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China Lowers Speed Of Bullet Trains, Suspends New Rail Projects

A railway employee stands next to a high speed train at Beijing south railway station.
Peter Parks
AFP/Getty Images
A railway employee stands next to a high speed train at Beijing south railway station.

In reaction to last month's deadly rail crash, China has decided to slow down all of its high-speed trains. Starting Sept. 1, China's fastest trains will run at 185 mph, instead of 215 mph.

The Los Angeles Times reports:

Rail Minister Sheng Guangzu said China would suspend all new rail projects during the upcoming round of safety checks, the Nanfang Daily reported. This marks the first time since China began its massive railway expansion in 1997 that train speeds have been reduced across the board. At nearly 8,000 miles, China has the world's longest high-speed rail system and plans to extend it to 10,000 miles by 2020.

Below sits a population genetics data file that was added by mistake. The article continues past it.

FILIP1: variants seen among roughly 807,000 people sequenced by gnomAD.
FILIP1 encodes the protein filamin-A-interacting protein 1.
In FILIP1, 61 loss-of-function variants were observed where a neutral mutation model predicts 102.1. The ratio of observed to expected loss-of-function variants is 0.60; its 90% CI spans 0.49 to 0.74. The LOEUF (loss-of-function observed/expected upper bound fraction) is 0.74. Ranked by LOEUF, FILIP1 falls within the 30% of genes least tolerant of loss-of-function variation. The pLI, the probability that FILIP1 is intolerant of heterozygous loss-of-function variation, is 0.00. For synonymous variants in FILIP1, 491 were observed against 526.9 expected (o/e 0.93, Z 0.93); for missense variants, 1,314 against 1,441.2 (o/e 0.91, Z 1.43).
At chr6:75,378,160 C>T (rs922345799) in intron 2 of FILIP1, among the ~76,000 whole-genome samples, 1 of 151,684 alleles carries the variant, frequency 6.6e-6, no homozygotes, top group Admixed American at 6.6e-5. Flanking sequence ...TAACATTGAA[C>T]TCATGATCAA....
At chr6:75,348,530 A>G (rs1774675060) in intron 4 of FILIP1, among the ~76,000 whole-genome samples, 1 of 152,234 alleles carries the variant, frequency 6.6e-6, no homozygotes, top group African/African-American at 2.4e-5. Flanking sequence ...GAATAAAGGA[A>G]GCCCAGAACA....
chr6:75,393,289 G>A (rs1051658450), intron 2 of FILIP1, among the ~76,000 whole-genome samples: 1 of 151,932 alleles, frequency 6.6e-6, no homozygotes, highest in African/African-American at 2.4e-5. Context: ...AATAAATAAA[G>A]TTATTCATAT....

The deadly collision in July marked a national crisis for the government, which stood accused by millions of Internet users of mishandling the disaster.

Premier Wen Jiabao visited the site of the accident in Wenzhou late last month and pledged a transparent investigation that would satisfy the public.

The accident, last month, left 40 dead and nearly 200 injured. The decision to slow down trains and their development didn't come without resistance. UPI reports that China Daily quoted analysts saying that China "is slowing its ambitious high-speed rail program, which has put the country in the same league as Japan and Europe in terms of high-speed rail development."

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Eyder Peralta
Eyder Peralta is NPR's East Africa correspondent based in Nairobi, Kenya.